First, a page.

Date of Award
Master of Science
Department of Operational Sciences
Sarah G. Nurre, PhD.
Among the devastating consequences of extreme events, whether natural or manmade, is the disruption of transportation, communication, and other critical infrastructure systems. The restoration of these systems can be especially challenging due to the fact that damaged infrastructures are often characterized by complex interdependencies. Given a region with interdependent transportation and communication networks, both of which have sustained some damage due to an extreme event, we seek to maximize the satisfaction of geographically distributed demands for relief items over time by scheduling work crews to selected restoration tasks and routing the delivery of resources. We develop a mixed-integer linear programming formulation that captures the interdependencies exhibited by the transportation and communication networks, accounts for policy constraints that limit the delivery of resources into the affected region, and ensures that machine movement is feasible given the transportation network status when scheduling machines to tasks. After conducting tests on a variety of model instances, we establish the importance of relief operations during the initial phase of the scheduling horizon, demonstrate how changes in selected network parameters affect optimal scheduling decisions, and identify several key facilities whose construction is vital to the fulfillment of demand for relief items.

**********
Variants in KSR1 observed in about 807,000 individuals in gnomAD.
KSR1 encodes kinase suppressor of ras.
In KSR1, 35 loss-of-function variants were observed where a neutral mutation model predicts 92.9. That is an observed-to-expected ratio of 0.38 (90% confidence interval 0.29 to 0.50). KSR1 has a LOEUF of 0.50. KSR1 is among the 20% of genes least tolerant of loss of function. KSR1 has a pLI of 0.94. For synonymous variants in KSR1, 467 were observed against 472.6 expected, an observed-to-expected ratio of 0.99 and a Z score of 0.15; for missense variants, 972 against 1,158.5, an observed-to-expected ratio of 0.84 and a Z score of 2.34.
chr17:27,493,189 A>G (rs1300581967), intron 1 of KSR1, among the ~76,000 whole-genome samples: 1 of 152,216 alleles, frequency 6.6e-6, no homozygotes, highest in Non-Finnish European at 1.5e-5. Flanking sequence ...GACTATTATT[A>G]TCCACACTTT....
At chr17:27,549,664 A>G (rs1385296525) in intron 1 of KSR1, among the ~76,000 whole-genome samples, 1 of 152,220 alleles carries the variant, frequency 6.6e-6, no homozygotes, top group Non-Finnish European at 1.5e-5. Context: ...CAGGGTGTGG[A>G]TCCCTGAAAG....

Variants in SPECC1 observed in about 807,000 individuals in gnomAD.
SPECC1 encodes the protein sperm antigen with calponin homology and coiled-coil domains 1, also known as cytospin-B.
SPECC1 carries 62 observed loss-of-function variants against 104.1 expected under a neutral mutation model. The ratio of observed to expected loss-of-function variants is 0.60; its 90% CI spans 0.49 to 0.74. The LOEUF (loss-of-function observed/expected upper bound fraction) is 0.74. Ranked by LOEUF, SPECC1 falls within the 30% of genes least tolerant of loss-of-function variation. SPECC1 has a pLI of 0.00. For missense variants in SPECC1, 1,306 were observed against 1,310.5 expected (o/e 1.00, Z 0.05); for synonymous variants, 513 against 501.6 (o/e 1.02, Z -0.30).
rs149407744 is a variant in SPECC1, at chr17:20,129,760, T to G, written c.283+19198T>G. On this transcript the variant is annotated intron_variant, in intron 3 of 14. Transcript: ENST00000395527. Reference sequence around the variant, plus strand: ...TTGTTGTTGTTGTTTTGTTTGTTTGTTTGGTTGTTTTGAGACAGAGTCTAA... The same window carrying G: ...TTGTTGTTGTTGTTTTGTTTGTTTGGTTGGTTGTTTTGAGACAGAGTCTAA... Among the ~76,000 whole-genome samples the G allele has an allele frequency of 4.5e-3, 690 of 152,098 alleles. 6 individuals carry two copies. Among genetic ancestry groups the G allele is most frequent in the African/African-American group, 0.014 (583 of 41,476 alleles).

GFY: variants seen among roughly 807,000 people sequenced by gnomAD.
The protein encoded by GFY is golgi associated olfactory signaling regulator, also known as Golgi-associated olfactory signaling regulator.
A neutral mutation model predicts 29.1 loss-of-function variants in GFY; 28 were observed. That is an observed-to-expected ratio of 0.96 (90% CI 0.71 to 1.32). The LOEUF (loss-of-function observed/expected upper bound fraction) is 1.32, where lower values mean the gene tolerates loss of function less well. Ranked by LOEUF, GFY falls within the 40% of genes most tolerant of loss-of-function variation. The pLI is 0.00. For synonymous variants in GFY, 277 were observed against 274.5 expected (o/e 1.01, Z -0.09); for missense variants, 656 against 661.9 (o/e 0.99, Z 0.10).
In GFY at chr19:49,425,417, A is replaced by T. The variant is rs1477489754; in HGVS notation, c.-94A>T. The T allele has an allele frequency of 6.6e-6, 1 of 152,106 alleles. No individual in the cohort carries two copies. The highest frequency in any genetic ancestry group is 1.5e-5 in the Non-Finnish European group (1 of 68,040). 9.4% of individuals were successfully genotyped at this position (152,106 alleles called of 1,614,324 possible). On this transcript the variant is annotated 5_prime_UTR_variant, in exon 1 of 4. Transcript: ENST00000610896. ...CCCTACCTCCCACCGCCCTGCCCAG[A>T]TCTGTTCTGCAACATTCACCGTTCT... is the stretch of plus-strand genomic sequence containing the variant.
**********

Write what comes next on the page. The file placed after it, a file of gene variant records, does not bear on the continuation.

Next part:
DTIC Accession Number
Forbes, Jacob A., "Restoration and Humanitarian Aid Delivery on Interdependent Transportation and Communication Networks After an Extreme Event" (2015). Theses and Dissertations. 107.